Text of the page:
Adirondack Carousel Board President Martin Rowley, right, smiles with new board member Sandy Campbell at the carousel on Monday. (Enterprise photo — Lauren Yates)
SARANAC LAKE — The Adirondack Carousel in Saranac Lake is Martin Rowley’s “happy place.” It’s a uniquely Adirondack attraction that came together through the community, he said, and he’s been along for most of the ride. Now, he’s hoping to revive that community support to pull the nonprofit carousel through tough times after ridership and revenue plummeted this summer, another financial blow in a string of bad luck that has left the carousel “hurt.” Adjustable Harp
The inside of the carousel building, which sits in the heart of William Morris Park on Bloomingdale Avenue, reflects the community effort it took to build each cog in the merry-go-round machine. Where twinkly lights and mirrors usually hang above a carousel, the Adirondack Carousel boasts paintings of local scenes by local artists. Hand-carved, donated Adirondack animals, named by local students, curve around the carousel where horses would normally stand. Donation plaques engraved with the names of community members past and present adorn the building’s walls — even the ceiling fan has a credited donor. Even the pathway that led up to the carousel from the street was cobbled with bricks engraved with the names of various carousel donors. But in July, that brick pathway was ripped up when the village started construction in William Morris Park as part of its $10 million Downtown Revitalization Initiative project. Village Community Development Director Jamie Konkoski told the Enterprise in July that the brick paver walkway with donors’ names will be saved and re-installed. And while the interior of the carousel building remained the same, families weren’t walking through the doors like they used to.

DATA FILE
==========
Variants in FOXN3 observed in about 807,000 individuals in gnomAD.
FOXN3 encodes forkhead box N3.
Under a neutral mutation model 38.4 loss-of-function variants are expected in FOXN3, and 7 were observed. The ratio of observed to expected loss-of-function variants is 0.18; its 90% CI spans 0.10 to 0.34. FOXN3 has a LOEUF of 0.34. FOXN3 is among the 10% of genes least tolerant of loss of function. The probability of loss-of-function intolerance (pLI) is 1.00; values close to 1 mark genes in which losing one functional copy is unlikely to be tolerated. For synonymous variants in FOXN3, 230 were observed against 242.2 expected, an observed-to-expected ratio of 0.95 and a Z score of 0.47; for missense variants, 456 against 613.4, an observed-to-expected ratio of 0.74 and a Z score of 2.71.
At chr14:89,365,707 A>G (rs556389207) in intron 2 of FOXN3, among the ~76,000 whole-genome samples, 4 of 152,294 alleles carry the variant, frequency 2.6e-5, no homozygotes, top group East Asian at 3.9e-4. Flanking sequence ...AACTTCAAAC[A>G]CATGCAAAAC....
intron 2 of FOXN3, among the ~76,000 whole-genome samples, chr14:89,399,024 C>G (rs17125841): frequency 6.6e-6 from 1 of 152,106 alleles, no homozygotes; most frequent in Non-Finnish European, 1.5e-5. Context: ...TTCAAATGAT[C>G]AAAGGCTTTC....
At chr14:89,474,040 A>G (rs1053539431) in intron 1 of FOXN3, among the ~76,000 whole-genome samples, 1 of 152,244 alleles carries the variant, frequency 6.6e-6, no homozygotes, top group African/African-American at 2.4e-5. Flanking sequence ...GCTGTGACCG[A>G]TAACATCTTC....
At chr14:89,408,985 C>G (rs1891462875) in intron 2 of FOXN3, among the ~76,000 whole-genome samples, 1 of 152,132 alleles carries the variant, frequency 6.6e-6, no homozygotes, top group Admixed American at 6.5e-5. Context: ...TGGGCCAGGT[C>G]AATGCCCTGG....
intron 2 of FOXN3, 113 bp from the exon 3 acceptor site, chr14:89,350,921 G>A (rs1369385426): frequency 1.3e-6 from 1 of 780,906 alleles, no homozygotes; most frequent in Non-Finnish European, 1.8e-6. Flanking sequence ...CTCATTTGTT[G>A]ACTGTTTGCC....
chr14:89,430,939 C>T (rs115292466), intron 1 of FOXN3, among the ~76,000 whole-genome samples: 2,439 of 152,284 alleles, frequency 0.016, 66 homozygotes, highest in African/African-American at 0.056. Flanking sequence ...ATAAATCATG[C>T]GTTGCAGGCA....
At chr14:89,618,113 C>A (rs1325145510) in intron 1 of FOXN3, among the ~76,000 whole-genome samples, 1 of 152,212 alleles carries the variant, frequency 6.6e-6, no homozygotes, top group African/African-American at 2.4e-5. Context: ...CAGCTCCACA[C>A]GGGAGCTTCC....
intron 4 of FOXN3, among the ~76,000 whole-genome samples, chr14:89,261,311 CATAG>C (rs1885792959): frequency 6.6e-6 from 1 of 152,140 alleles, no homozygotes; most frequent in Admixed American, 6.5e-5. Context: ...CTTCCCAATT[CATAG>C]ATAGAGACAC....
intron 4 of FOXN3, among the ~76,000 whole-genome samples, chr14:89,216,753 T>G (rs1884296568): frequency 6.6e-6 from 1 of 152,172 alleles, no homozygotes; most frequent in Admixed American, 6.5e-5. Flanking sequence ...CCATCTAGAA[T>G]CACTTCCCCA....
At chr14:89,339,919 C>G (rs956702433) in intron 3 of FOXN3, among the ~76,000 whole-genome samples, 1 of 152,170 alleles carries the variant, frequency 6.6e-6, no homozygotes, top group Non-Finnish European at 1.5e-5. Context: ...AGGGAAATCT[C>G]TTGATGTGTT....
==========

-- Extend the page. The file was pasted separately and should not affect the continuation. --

Rowley, who’s the new president of the Carousel Board, said that the Adirondack Carousel signs, flag and gazebo were also removed when the DRI project started. Rowley still remembers the day: July 6, peak carousel season. A few days later, Rowley said, construction crews stopped work for around two months, leaving the park dislodged and the carousel unmarked.
“People thought we were closed,” Rowley said.
In the two months after the DRI project started, Rowley said that carousel ridership and revenue dropped around 40% compared to the same period in 2021; he didn’t provide specific figures for the drop. Rowley found the financial hit ironic, considering the meaning of the “R” in DRI.
“We got unvitalized, if that’s a term,” he said. “But it certainly hurt us.”
This wasn’t the first blow to the carousel’s revenue and ridership in recent years, Rowley said. The carousel, which backs up to the old Adirondack Railroad tracks, took a similar financial hit when the rail bikes stopped riding through Saranac Lake. And when the now-10-year-old carousel needed maintenance last year, the carousel was closed for three months as made-to-order parts were sourced through a fraught material supply chain. Most of the carousel’s revenue comes from riders.
“We keep getting dealt these almost death blows,” Rowley said.